Flanders (Vlaanderen, Flandre, Flandern) is a geographical region located in parts of present day Belgium, France, and the Netherlands. Over the course of history, the geographical territory that was called "Flanders" has varied.
In modern Belgium, there is a geographical, political and administrative entity called the Flemish Region (het Vlaams Gewest) and a separate -but to some extent overlapping- political, legal, administrative, cultural and linguistic entity called the Flemish Community (de Vlaamse Gemeenschap). The Flemish parliament and government govern both the Community and the Region. The capital city of Flanders is Brussels.
Related to these geographical or political uses of the noun 'Flanders', and the adjective 'Flemish', they may also be used to describe several other distinct (but inter-connected) cultural, geographical, historical, linguistic or political items or entities.
The significance of the County and its counts eroded through time, but the designation remained in a very broad sense. In the Early Modern, the term Flanders was associated with the southern part of the Low Countries, the Southern Netherlands. During the 19th and 20th centuries, it became increasingly commonplace to refer to the area from De Panne to Maasmechelen, including the Belgian parts of the Duchy of Brabant and Limburg, as "Flanders".
The ambiguity between this eastwardly much wider area and that of the Countship (or the Belgian parts thereof), still remains. In most present-day contexts however, the term Flanders is generally taken to refer to either the political, social, cultural and linguistic community (and the corresponding official institution, the Flemish Community), or the geographical area, one of the three institutional regions in Belgium, namely the Flemish Region.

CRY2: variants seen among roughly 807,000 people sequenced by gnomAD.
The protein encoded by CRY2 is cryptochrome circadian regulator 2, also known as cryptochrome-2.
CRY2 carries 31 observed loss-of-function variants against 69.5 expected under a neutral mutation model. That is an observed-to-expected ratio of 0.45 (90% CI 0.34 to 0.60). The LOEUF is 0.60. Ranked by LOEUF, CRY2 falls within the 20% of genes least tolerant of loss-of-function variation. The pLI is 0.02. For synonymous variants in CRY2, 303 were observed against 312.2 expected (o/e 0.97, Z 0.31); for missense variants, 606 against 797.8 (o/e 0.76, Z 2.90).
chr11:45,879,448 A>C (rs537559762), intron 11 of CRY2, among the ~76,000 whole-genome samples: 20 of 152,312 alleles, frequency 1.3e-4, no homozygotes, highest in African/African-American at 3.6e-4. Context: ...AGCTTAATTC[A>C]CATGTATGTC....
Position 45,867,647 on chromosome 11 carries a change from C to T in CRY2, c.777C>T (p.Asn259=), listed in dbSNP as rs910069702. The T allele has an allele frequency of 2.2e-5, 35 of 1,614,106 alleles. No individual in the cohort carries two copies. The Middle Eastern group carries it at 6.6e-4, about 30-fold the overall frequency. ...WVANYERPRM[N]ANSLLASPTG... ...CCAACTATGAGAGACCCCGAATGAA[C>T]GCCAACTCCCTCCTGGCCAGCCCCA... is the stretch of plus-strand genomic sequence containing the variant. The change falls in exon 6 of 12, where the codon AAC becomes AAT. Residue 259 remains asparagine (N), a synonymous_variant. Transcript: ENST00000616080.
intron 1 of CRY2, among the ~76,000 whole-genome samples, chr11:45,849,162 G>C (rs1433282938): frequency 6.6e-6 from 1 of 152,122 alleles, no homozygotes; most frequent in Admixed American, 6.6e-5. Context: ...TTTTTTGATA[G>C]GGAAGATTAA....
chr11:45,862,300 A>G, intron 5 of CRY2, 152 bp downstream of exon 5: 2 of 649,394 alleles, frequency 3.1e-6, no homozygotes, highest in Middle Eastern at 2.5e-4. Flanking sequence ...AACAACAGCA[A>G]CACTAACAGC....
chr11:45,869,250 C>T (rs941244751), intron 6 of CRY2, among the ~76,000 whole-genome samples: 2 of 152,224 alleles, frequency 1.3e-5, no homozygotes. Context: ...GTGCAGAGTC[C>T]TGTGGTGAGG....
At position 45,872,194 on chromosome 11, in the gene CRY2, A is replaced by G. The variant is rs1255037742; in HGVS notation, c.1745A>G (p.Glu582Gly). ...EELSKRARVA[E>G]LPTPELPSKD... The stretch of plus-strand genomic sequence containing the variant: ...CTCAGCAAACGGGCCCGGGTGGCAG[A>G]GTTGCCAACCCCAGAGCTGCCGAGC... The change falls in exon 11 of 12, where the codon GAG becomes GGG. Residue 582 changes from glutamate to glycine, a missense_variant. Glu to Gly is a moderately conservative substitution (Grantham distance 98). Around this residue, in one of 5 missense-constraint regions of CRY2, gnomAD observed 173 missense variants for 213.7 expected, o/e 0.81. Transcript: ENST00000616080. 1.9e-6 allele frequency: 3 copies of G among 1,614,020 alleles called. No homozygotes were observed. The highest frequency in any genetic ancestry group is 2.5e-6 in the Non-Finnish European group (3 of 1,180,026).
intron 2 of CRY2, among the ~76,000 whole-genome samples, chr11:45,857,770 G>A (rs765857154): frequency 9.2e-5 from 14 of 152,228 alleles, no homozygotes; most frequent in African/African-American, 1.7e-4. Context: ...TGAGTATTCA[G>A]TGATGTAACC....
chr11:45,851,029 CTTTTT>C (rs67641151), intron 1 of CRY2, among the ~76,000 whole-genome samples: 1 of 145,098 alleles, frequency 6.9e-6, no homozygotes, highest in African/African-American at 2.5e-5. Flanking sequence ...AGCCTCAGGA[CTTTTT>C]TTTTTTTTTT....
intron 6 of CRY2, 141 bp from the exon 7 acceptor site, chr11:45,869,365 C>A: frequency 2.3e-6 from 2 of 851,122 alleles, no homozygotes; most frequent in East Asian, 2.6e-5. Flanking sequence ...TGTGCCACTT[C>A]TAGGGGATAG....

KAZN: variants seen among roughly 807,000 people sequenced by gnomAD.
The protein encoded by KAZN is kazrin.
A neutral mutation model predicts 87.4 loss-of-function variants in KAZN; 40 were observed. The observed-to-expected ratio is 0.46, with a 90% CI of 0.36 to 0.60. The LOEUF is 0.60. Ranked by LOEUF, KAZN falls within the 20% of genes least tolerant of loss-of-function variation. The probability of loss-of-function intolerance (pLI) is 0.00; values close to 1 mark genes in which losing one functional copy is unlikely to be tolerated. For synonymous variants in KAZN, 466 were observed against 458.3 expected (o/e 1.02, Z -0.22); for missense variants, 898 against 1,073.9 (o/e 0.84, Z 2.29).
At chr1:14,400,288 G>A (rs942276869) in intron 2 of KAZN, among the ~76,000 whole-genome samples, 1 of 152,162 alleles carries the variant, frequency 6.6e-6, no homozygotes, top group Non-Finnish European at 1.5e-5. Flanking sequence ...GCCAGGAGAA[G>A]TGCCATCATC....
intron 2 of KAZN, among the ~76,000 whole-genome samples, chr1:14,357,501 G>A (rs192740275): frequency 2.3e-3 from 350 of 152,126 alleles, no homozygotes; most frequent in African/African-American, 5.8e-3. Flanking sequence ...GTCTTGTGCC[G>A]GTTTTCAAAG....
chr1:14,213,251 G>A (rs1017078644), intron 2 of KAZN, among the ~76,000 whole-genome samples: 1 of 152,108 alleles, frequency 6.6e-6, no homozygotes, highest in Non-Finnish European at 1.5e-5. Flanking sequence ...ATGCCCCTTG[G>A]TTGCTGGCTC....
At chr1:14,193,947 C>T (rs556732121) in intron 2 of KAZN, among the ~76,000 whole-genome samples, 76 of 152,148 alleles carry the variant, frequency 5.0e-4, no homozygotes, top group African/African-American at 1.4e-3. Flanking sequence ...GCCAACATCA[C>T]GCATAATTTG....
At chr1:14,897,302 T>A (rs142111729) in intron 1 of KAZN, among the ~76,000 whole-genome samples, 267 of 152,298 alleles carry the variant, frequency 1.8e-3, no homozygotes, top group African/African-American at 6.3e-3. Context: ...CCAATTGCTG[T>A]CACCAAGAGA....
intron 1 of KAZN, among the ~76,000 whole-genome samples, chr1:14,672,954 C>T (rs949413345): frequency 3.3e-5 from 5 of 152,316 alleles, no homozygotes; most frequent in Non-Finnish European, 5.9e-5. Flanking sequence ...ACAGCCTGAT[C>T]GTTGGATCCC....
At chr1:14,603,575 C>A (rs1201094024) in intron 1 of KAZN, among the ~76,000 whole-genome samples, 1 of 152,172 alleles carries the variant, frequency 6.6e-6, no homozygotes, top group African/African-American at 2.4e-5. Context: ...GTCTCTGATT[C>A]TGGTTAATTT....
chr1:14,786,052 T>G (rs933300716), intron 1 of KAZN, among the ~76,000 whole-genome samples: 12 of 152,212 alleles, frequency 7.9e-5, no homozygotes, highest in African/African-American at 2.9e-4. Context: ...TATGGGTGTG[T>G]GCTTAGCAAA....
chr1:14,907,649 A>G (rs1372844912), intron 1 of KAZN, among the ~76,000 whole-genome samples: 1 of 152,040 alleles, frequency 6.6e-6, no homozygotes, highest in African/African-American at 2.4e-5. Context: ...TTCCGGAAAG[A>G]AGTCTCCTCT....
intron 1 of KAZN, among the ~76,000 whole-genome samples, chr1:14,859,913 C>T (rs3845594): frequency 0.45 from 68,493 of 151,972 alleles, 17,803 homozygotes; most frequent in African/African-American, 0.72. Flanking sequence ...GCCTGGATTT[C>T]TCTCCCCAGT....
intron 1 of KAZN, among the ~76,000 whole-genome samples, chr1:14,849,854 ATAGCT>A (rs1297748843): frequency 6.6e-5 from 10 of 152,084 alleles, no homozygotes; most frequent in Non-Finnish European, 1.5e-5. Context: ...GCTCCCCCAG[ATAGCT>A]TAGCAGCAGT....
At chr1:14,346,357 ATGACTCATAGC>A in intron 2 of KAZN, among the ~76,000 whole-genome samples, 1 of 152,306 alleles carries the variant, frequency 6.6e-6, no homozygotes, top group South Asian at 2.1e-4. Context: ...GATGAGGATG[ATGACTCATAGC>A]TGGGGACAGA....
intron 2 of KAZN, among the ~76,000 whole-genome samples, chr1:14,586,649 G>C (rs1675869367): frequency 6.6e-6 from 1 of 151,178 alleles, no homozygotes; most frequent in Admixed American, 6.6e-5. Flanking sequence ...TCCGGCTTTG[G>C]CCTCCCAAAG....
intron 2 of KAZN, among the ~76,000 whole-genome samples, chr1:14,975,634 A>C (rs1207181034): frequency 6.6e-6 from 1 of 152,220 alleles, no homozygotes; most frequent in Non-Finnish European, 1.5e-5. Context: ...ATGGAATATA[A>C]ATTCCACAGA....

In history of art, the adjectives Flemish, Dutch and Netherlandish are commonly used to designate all the artistic production in this area. For examples, Flemish Primitives is synonym for early Netherlandish painting, Franco-Flemish School for Dutch School, and it is not uncommon to see Mosan art categorized as Flemish art.
Created in the year 862 as a feudal fief in West Francia, the County of Flanders was divided when its western districts fell under French rule in the late 12th century. The remaining parts of Flanders came under the rule of the counts of neighbouring Hainaut in 1191. The entire area passed in 1384 to the dukes of Burgundy, in 1477 to the Habsburg dynasty, and in 1556 to the kings of Spain. The western districts of Flanders came finally under French rule under successive treaties of 1659 (Artois), 1668, and 1678.
During the late Middle Ages Flanders' trading towns (notably Ghent, Bruges and Ypres) made it one of the richest and most urbanised parts of Europe, weaving the wool of neighbouring lands into cloth for both domestic use and export. As a consequence, a very sophisticated culture developed, with impressive achievements in the arts and architecture, rivalling those of Northern Italy.
Increasingly powerful from the 12th century, the territory's autonomous urban communes were instrumental in defeating a French attempt at annexation (1300–1302), finally defeating the French in the Battle of the Golden Spurs (July 11, 1302), near Kortrijk. Two years later, the uprising was defeated and Flanders remained part of the French Crown. Flemish prosperity waned in the following century, however, owing to widespread European population decline following the Black Death of 1348, the disruption of trade during the Anglo-French Hundred Years' War (1338–1453), and increased English cloth production. Flemish weavers had gone over to Worstead and North Walsham in Norfolk in the 12th century and established the woollen industry.
The Pragmatic Sanction of 1549, issued by Charles V, established the Low Countries as the Seventeen Provinces (or Spanish Netherlands in its broad sense) as an entity separate from the Holy Roman Empire and from France.